In order to prevent adjustment errors due to count errors, the camshaft 5 is moved into a reference position, e.g., a base position with a mechanical stop, the counter is zeroed, and adding is started again, at regular intervals and for suitable driving conditions. Although very large numbers must be handled by the high counting, memory space is saved through the zeroing.

The direction of rotation of the BLDC motor is also detected by means of the Hall sensors 13, because this can change according to the adjustment direction. In this case, the Hall signals are subtracted from the counter.

The direction of rotation can be determined by evaluating the sequence of the signals of the three Hall sensors. Detection is possible only when one of the Hall signals changes. In order to recognize this condition, the signals of the Hall sensors ABC are differentiated. The direction of rotation can be determined when the differential is combined with the status (High/Low) of another signal.

When the internal combustion engine is turned off, the counts are stored in a RAM or EPROM of the controller, so that when the engine is started, the current position of the camshaft is known immediately. In addition, it is advantageous to use active, memory-equipped Hall sensors, which react when voltage is applied to the north or south pole.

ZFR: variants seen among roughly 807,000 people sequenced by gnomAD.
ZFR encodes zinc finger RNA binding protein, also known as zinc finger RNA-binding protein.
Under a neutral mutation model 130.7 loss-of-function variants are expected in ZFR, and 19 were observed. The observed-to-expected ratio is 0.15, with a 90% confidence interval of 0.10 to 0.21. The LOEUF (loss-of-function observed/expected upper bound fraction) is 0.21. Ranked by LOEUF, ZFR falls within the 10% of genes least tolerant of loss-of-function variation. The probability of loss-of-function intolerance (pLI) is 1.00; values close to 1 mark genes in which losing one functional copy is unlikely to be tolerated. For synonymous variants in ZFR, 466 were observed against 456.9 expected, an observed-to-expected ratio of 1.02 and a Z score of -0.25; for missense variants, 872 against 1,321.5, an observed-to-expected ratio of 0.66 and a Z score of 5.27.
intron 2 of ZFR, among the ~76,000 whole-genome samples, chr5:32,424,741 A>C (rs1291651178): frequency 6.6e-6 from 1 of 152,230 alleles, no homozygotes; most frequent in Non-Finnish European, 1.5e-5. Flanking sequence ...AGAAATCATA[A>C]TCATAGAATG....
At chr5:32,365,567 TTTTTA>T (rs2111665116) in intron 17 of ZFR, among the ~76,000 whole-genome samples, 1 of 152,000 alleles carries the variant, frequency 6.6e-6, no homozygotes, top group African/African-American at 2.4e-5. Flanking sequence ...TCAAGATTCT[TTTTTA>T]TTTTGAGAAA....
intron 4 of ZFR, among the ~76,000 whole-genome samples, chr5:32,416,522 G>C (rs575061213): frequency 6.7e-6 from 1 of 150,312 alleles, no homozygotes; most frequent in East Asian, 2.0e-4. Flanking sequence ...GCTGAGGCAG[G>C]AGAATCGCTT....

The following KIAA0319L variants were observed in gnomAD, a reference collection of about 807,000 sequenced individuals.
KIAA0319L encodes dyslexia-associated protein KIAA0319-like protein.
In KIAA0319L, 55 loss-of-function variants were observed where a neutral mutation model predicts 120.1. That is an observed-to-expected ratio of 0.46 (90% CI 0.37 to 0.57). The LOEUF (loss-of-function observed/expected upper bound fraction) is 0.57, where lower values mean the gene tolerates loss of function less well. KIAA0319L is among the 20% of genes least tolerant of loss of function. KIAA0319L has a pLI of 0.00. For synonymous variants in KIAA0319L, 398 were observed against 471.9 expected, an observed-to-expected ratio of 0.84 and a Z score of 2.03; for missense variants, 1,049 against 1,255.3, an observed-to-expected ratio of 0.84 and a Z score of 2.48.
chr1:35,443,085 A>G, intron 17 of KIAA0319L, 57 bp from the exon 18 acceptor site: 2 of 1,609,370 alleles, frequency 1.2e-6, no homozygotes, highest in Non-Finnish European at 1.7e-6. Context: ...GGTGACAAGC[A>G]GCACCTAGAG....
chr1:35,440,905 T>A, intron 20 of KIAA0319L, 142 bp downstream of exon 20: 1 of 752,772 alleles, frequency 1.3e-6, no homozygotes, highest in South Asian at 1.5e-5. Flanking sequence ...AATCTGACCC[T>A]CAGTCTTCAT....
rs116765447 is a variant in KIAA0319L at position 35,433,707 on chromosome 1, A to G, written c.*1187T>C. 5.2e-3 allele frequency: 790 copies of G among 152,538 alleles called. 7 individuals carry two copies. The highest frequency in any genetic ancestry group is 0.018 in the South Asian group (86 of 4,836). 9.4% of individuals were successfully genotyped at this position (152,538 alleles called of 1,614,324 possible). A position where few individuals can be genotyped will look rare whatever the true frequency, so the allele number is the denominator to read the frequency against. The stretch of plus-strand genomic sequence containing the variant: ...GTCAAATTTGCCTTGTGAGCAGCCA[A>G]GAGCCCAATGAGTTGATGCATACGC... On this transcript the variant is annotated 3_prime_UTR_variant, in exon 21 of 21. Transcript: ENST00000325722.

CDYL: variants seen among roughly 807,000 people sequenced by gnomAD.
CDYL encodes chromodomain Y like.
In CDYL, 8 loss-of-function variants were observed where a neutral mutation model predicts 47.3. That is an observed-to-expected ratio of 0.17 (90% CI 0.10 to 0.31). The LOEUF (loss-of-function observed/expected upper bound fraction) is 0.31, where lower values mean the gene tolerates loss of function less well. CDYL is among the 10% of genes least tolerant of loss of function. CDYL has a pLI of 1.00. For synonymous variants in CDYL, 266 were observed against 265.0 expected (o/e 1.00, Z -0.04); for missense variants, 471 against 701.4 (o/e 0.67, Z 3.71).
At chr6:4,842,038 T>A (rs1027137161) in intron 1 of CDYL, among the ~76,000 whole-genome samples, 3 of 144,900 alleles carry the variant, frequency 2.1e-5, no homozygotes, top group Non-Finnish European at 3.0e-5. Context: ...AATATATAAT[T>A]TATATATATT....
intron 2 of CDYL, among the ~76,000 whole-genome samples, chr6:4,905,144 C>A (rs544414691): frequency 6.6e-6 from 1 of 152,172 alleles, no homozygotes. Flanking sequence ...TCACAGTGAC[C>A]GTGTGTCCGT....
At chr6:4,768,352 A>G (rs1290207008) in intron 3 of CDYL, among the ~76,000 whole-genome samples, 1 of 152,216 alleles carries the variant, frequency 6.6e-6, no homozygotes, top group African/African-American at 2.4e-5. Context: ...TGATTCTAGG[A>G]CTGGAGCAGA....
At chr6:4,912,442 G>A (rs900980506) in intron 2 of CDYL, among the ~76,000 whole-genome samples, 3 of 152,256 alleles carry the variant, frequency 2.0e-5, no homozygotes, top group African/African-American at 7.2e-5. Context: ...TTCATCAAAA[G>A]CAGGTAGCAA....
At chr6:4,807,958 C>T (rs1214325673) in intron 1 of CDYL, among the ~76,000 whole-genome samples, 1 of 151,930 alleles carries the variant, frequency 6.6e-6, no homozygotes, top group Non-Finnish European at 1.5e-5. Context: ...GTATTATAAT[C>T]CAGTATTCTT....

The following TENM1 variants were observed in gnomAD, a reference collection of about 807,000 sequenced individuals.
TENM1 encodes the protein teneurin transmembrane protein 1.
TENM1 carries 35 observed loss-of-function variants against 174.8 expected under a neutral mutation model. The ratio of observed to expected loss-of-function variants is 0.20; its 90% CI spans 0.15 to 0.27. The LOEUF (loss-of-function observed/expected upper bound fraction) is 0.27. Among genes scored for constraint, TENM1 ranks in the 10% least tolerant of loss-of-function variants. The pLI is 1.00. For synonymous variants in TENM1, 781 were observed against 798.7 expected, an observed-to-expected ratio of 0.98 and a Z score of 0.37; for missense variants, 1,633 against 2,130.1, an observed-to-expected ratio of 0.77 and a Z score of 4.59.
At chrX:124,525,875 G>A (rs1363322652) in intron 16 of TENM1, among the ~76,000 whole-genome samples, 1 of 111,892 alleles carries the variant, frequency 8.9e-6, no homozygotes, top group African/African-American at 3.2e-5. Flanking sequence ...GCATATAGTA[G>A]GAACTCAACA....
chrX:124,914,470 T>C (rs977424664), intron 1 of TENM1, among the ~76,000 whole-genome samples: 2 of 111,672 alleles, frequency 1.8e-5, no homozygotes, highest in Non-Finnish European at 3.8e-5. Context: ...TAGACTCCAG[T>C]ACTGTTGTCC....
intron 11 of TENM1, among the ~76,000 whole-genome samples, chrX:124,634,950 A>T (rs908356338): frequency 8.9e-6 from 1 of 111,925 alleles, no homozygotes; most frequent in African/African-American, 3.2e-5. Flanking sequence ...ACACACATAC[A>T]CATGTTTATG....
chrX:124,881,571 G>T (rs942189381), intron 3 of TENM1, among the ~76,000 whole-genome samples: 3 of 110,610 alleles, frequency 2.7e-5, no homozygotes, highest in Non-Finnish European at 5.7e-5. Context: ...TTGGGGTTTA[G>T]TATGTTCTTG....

Because the position of the camshaft 5 is recognized directly after the ignition lock is activated or when the crankshaft and camshaft 5 start to rotate, especially for the use of an active, memory-equipped Hall sensor, the desired adjustment position can also be set and held during the startup process of the internal combustion engine. This is advantageous due to the associated reduction of fuel consumption and exhaust gas emissions. In the same extent, any desired adjustment position can also be traversed during the turning off of the vehicle after turning the ignition lock. This is achieved through an active after-running of the BLDC motor 2 or of the controller. Here, the prevention of time loss for the traversal of the desired angle of rotation when the engine is started is advantageous.